they smile and visit each other,
    they go together to the supermarket
    and they all have TV sets.

    There are dentists and merchants,
    big landowners and illegal dealers,
    lawyers and stockholders
    and they all wear Polycron.

    They play bridge, they drink martini-dry
    and the children are pretty blond
    and with other pretty blond children
    they go together to the English school.

    And father's boy
    then goes to the university
    beginning to deal with life's questions
    and the social game.

    He smokes cigarettes in an Austin mini
    he plays with bombs and with politics
    he murders generals
    and is a sedition gangster.

    There are pink ones, pretty green ones,
    white ones and sky blue ones
    the little houses of the fancy neighborhood
    are all made with Resipol.

    And the people in the houses
    they smile and visit each other,
    they go together to the supermarket
    and they all have TV sets.

    Up to the top


    Romance del enamorado y de la muerte
    Texto anónimo, música de Victor Jara

    From the CD: Victor Jara: Canto Libre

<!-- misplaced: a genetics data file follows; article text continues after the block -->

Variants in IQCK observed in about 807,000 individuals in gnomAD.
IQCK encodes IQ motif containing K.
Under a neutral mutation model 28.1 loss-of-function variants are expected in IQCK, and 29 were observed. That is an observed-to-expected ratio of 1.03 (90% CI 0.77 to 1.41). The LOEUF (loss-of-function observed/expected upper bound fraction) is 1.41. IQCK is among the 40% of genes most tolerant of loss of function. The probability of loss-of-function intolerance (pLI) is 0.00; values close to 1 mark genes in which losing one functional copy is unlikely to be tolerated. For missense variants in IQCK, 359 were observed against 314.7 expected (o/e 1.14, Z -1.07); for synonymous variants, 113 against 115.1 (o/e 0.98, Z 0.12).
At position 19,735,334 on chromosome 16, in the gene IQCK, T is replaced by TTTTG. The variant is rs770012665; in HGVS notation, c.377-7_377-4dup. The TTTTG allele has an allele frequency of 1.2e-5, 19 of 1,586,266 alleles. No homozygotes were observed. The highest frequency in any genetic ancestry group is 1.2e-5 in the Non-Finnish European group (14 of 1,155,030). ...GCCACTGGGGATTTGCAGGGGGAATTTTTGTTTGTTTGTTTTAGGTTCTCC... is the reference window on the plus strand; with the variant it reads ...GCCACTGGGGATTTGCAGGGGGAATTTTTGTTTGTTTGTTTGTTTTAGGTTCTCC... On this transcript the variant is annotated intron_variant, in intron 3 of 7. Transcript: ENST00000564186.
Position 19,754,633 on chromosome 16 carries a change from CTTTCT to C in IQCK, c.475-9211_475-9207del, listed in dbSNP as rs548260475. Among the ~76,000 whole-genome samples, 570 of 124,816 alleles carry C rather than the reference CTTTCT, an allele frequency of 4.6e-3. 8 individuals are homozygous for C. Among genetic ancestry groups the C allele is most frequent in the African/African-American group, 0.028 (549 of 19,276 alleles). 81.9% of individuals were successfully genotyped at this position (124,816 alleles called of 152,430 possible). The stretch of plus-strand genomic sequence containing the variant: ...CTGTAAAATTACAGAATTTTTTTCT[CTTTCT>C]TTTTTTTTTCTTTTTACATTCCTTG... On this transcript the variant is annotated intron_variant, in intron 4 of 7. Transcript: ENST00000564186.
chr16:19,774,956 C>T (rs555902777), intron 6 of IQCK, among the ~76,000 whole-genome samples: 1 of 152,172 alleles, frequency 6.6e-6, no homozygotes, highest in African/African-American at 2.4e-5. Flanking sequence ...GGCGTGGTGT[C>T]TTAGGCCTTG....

Un sueño soñaba anoche,
    soñito del alma mía,
    soñaba con mis amores
    que en mis brazos los tenía.

    Vi entrar señora muy blanca
    muy más que la nieve fría.
    "¿Por dónde has entrado, amor?
    ¿Cómo has entrado mi vida?"

    "Las puertas están cerradas
    ventanas y celosías."
    "No soy el amor, amante,
    soy la muerte, Dios me envía."

    "Ay, muerte tan rigorosa,
    déjame vivir un día."
    "Un día no puede ser
    una hora tienes de vida."

    Muy de prisa se calzaba,
    más deprisa se vestía.
    Ya se va para la calle
    en dónde su amor vivía.

    "Abreme la puerta, Blanca,
    ábreme la puerta, niña."
    "¿Cómo te podré yo abrir
    si la ocasión no es venida."

    "Mi padre no fue a palacio,
    mi madre no está dormida."
    "Si no me abres esta noche,
    ya no me abrirás, querida."

    "La muerte me anda buscando,
    junto a ti vida sería."
    "Vete bajo mi ventana
    donde labraba y cosía."

    "Te echaré cordón de seda
    para que subas arriba,
    y si el hilo no alcanzare,
    mis trenzas añadiría."

    Se rompió el cordón de seda
    la muerte que ahí venía:
    "Vámonos, enamorado,
    que la hora ya es cumplida."


    I was dreaming a dream last night
    beloved little dream,